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Top Starting Pitcher Waiver Wire Pickups: Week 7

By slgckgc on Flickr (Original version) UCinternational (Crop) [CC-BY-2.0 (], via Wikimedia Commons


Using Sabermetrics to Find Waiver Wire Pickups

This weekly column will examine some good starting pitchers you should look to add over the next month. The quality of the pitchers will range between thin and deep leagues in order to reach the largest spectrum of fantasy owners. Each pitcher will be examined from a sabermetrics perspective to see his true value and determine whether a hot streak is likely to continue or not. With that in mind, let’s get into the Week 7 edition of the starting pitcher waiver wire column.

NOTE: Stats that will be used include:  GB/FB (How many ground balls to fly balls are hit), ERA- (ERA adjusted by park)  xFIP (Fielding independent ERA), Swinging Strike %, HR/FB% (how many times a fly ball hit against him is a Homerun), O- Contact % (percentage of times batters swing at pitches outside the K Zone) BABIP (Batting Average on Balls in Play,) and K/BB.


Jon Niese – NYM

By slgckgc on Flickr (Original version) UCinternational (Crop) [CC-BY-2.0 (], via Wikimedia Commons

In six starts so far this season, Jon Niese has a 2-2 record with a 1.82 ERA, a 1.01 WHIP and a 36/10 K/BB in 45 IP. Niese has never been a big strikeout pitcher, and his 19.4 K % is right around his 18.9% career mark. However, at 41% owned in Yahoo leagues, he should be looked at solely for his ability to get batters out. While his velocity is right around the same as his career speeds, his location is the key to his 2014 effectiveness. Niese's O-Contact% is at 75.9%, a career high and over 6% higher than his 2013 number - what this means is hitters are making contact with his pitches outside the zone, which usually results in poorly hit balls. Also, with a HR/FB rate of just 8.6%, down 2% from his career average, fewer home runs leads to better overall numbers. He is without a doubt a mixed-league option, and considering he is currently ranked as the 24th-best SP this season, I would add him in any league you can.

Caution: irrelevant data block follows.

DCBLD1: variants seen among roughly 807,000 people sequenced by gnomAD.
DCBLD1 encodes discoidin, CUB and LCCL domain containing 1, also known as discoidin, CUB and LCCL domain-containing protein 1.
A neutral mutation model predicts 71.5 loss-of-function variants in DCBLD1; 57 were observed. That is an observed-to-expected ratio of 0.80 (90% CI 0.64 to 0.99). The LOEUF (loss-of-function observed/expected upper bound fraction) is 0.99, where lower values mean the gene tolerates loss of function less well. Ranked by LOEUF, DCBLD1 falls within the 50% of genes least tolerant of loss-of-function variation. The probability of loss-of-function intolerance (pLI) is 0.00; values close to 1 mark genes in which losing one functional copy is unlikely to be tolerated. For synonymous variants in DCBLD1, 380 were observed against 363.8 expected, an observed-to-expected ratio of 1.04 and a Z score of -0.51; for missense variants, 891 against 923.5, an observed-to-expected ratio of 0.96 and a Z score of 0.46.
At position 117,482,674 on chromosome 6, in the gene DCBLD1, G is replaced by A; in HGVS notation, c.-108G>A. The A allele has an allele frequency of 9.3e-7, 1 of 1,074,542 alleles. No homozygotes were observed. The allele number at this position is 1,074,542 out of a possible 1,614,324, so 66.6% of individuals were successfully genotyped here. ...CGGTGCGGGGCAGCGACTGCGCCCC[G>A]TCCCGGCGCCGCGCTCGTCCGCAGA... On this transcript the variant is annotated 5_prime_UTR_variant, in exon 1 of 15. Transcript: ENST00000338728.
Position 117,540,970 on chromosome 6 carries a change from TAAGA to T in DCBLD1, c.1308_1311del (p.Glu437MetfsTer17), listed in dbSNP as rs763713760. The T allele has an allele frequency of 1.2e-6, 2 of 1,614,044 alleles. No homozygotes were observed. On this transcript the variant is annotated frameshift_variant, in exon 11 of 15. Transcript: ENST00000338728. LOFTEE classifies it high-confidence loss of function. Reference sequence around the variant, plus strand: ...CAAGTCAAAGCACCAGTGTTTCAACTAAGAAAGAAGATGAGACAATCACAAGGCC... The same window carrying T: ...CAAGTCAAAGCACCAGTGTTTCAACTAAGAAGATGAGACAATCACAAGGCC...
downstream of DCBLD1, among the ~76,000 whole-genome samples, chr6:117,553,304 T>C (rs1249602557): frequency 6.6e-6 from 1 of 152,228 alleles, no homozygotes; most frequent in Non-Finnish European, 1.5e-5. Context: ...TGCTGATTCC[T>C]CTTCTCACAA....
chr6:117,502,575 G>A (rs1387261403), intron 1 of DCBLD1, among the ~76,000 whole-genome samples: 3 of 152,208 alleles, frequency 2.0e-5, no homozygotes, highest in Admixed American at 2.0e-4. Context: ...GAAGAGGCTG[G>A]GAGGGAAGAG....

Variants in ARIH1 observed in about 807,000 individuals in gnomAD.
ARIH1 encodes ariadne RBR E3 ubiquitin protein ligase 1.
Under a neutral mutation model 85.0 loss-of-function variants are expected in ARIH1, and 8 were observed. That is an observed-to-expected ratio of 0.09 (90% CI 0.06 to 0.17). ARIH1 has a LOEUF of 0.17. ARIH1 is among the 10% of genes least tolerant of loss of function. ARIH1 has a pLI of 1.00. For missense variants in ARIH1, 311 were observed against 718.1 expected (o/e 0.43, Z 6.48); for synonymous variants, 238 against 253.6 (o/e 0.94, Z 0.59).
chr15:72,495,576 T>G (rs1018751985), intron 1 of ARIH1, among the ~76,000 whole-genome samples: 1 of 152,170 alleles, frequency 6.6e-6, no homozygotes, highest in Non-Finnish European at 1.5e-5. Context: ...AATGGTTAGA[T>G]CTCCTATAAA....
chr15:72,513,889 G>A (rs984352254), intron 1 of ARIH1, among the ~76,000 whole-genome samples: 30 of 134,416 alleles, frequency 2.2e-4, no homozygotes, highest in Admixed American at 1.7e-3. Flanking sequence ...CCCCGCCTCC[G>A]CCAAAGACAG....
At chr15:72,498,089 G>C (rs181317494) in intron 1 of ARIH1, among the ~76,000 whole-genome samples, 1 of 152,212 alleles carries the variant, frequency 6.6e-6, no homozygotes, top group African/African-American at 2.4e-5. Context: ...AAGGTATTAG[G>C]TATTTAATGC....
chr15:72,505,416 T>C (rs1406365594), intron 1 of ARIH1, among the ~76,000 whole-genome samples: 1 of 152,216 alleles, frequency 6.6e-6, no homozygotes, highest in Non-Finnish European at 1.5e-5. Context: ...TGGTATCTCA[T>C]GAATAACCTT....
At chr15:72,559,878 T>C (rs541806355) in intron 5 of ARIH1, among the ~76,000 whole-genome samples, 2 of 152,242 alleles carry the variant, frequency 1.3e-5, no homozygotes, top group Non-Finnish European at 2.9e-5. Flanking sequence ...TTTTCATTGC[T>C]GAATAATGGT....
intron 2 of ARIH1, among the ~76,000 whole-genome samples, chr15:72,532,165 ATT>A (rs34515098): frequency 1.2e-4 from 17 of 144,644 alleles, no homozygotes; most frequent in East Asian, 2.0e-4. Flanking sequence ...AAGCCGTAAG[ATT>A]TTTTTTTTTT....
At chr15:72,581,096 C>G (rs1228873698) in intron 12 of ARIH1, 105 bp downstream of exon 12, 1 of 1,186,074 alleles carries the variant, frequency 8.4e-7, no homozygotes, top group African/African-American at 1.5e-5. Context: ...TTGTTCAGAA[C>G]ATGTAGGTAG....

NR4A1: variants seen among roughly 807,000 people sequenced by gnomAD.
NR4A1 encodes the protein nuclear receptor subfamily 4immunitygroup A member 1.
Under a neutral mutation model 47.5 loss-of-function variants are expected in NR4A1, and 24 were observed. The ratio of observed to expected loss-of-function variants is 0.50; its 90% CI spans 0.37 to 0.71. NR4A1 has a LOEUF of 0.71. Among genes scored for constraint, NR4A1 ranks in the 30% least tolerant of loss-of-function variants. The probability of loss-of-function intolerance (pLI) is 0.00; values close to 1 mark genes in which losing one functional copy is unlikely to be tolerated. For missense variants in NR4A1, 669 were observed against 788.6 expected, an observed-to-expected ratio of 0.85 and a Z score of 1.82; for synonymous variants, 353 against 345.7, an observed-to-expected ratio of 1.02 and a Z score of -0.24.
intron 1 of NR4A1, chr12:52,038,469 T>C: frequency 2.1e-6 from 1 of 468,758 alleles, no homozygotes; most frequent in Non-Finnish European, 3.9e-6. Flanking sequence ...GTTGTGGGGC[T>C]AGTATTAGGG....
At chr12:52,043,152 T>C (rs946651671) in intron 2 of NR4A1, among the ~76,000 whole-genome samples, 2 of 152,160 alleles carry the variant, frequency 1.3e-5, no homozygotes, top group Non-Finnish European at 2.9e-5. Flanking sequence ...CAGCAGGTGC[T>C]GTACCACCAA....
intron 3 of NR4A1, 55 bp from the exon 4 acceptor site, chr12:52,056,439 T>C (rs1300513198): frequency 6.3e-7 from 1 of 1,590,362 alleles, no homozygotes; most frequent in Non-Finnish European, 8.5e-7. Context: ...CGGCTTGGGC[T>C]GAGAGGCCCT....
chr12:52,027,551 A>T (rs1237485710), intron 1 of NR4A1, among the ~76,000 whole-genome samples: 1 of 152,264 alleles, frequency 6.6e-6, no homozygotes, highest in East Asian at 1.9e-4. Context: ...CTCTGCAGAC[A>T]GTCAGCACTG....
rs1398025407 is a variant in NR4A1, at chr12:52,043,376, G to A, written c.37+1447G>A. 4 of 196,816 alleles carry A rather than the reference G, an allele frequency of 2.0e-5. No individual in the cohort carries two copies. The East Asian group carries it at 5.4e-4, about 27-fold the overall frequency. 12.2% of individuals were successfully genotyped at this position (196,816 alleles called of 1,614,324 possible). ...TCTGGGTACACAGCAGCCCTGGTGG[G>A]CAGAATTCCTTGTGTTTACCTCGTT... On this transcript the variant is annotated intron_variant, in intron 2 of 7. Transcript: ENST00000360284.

Jordan Lyles – COL

A big part of why the Colorado Rockies are off to such a hot start this year, Jordan Lyles has not lost yet this year at 5-0. While his standard numbers are not as strong as Niese’s, (2.66 ERA, 1.09 WHIP, 32 K in 50 IP), not only are they still great for a SP owned in only 24% of leagues, his sabermetric stats are even better. The 24-year-old in his first year in Colorado has not increased his fastball velocity, but his selection of the pitch. Lyles had used his two- and four-seamers a total of 59.2% in 2013, and increased it to 66.5% so far this season, decreasing his curveball usage from 17.8% to 14.1% while raising that pitch’s velocity from 79.6 to 81.1 MPH. Lyles also has a awesome groundball rate at 55.4%, which has helped him to a career-low HR/9 at .53. Since he doesn't strike out too many hitters, Lyles will have some rough outings, but his quality control, refined pitch mix, and elite ground ball rate should keep him valuable in deep 12 team leagues. In the ever-competitive NL Central, Lyles has stood out, and looks to be sticking around for a while.


Scott Feldman –HOU

As has been my idea the past two weeks of this column, my third pitcher will be one who might be worth adding, but only for a short while. Astro’s ace Scott Feldman, even after missing a few weeks with an arm injury, has actually been quite solid with 2 W,  a 1.93 ERA, 0.92 WHIP and 15 K over five starts. With a team like Houston in the competitive AL West it’s not an ideal situation, but in deeper leagues, you can’t get much better at just 21% owned, and he has 3 great pitchers parks to throw in when he's not home or in Arlington. He's actually lost a few miles per hour on his fastball velocity from last year, down to 87.9 MPH, but he's been more effective than his 2013 with the Cubs and Orioles. Feldman has a 2.24 GB/FB rate. While his FIP, xFIP and SIERA don’t look too promising, I would look past that for now until Feldman inevitably comes back down to earth, which he eventually will.


While none of the stats I used in this column are stats for your fantasy league, they still relevant in determining whom to add. Sabermetric numbers are the equivalent give you the context you need to make the right decisions. When looking for help on the waiver wire, examining players' sabermetrics could show you the right answer when the main stats leave you stumped.

Make sure to follow Justin on Twitter @JustBerglund and @RotoBaller for all your fantasy baseball insights.